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Labor club motion sparks BDS row

An attempt to send students to a reception of an Israeli MP has prompted debate over what it means to breach BDS, writes Matilda Surtees.

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A failed motion put forward at the Sydney University Labor Club’s AGM last Monday has attracted attention and condemnation from members of the USyd Students for Justice (USJP) in Palestine, who consider the intended outcome of the motion to be in breach of the Boycott, Divestment and Sanctions campaign against Israel (BDS).

The motion proposed to send a contingent of students from the Labor Club to a reception and speaking date for Israeli Labor Party (ILP) MK Hilik Bar, which is being hosted on September 8 by the Australia Israel Labor Dialogue (AILD), an advocacy group with the objective of fostering links between the ALP and the ILP.

Though defeated 7-5, with one abstention from USJP Treasurer Chris Warren, the motion – and Warren’s abstention – was quickly condemned by members of the USJP. Both Warren and David Pink, the member who moved the motion, have responded to criticism by contesting that sending a contingent to the reception wouldn’t constitute a breach of BDS.

Pink told Honi Soit that “supporting the centre-left coalition” in Israeli politics is “the only hope” for achieving serious Israeli engagement with the peace process. Warren, who originally stated his reason for abstaining as a lack of familiarity with ILP policies, declined to respond to questions but provided a statement declaring his passionate support for BDS. He also stated that if he were able to vote again he would propose a ‘pro-Palestine’ amendment to the motion but would still not vote against it. Warren reiterated his intention to remain in his office as USJP Treasurer.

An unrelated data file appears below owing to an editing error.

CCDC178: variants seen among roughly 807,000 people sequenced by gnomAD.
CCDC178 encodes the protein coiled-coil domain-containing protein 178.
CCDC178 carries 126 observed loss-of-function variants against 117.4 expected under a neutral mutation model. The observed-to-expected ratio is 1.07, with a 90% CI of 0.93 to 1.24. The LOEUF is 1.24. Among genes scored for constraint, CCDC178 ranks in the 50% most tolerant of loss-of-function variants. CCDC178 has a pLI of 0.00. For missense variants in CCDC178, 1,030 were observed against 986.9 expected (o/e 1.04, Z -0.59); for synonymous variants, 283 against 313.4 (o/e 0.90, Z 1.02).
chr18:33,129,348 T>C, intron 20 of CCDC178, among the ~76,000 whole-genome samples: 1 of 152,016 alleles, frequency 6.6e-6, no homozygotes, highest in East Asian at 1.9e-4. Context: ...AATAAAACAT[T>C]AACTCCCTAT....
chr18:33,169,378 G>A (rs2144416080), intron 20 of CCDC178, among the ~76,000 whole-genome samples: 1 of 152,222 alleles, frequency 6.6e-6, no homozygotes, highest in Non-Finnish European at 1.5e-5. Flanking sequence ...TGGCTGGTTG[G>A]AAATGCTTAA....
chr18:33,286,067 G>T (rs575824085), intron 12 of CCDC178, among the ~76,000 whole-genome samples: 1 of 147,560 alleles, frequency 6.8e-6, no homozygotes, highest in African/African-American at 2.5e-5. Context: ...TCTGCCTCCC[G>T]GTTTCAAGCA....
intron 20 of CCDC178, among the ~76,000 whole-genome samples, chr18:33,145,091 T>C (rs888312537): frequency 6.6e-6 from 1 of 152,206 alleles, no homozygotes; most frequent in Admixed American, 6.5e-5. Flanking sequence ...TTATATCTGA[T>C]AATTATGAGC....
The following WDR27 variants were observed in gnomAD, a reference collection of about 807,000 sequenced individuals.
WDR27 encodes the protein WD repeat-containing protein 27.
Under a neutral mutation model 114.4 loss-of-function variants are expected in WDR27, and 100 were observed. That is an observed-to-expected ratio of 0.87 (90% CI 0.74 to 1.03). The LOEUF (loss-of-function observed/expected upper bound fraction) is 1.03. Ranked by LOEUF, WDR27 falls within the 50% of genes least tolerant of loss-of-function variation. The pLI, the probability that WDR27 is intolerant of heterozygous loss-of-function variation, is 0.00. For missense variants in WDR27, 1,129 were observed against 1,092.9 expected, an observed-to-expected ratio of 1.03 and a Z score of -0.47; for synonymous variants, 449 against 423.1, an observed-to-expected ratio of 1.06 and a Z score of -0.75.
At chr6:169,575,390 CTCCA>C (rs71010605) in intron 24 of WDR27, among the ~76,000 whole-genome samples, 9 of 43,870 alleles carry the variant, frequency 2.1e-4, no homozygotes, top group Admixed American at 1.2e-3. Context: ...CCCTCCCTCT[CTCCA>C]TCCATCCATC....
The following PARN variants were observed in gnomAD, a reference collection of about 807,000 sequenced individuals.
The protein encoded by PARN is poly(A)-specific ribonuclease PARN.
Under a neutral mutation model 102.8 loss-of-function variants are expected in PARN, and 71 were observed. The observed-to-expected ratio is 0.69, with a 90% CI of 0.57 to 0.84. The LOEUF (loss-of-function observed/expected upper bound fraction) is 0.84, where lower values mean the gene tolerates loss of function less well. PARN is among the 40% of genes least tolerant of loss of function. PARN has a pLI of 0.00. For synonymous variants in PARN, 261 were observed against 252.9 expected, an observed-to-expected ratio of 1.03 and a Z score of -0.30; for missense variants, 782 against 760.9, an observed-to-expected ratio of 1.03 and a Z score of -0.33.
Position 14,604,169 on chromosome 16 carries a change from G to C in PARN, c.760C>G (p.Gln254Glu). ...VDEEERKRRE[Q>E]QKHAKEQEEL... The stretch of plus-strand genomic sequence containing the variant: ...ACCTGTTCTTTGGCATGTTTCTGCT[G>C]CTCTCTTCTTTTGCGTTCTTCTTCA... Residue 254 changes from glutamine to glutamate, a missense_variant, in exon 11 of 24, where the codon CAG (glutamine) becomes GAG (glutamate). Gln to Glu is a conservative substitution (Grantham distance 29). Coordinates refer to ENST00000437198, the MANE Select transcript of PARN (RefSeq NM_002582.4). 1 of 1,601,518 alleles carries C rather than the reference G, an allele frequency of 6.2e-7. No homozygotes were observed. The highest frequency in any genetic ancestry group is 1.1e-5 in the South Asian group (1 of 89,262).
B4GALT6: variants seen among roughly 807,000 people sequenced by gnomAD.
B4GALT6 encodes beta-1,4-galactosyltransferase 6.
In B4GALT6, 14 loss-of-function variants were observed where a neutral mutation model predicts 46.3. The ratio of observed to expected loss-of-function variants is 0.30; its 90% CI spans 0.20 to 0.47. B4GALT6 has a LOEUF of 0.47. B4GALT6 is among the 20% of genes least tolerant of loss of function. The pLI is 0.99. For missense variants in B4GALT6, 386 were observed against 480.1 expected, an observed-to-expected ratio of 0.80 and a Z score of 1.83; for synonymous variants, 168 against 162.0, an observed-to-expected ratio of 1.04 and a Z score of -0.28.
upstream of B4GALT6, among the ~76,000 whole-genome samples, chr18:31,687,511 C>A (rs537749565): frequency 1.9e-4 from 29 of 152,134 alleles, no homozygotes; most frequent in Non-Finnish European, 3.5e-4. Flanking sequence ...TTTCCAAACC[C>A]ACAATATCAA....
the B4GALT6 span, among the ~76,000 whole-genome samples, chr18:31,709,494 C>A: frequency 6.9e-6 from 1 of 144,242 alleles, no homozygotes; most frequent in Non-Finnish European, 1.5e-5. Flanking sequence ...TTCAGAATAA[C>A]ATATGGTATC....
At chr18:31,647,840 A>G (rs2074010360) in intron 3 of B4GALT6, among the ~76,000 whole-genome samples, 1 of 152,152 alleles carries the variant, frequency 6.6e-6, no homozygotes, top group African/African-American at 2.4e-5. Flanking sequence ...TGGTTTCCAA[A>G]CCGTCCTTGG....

USJP President Fahad Ali confirmed to Honi Soit that he believes Warren should step down from his USJP office, echoing calls made by individual members of the group. Ali was firm in disagreeing with Pink and Warren’s line of reasoning, pointing out that the “entire point” of BDS is “to put the onus onto the entire Israeli population [to encourage them to] stand up and speak against what the government does in [their] name.”

Labor Club President Chloe Smith said that sending a contingent to the reception would have only been “to show interest in what was being said, but not to endorse the ILP”. Smith also said that she would be reluctant for the Labor Club to be seen as supporting the ILP, and confirmed she voted against the motion. She rejected suggestions there is any factional tension around BDS within the club, and said she believes most members support BDS.

Though the recent flare of attention has been fuelled by the minor controversies of student politics, the wider on-campus profile of the BDS campaign has grown in recent months.

On August 6 earlier this month, the SRC passed a ‘Palestine solidarity’ motion, in which they reaffirmed the SRC commitment to BDS. While the campus branch of the NTEU passed a resolution in June earlier this year that stymied further debate about whether to officially endorse the BDS campaign – following the intervention of the general secretary of the federal NTEU – the resolution of the case against Sydney University academic Jake Lynch has brought increased publicity to academic engagement with BDS. The attempt by Israeli legal centre Shurat Ha’Din to sue Lynch for racial discrimination after Lynch refused to sponsor an Israeli fellowship candidate proved unsuccessful, easing potential anxieties about adherence to BDS being discriminatory.

Ali also linked growing support for BDS to increased media attention to the situation in Gaza, and expressed hope that this growth will continue across partisan divides. When asked about the Labor Club specifically, Ali said that he believes the Labor Club “should be one of the first societies to endorse BDS entirely,” invoking the Labor “tradition of progressive politics”.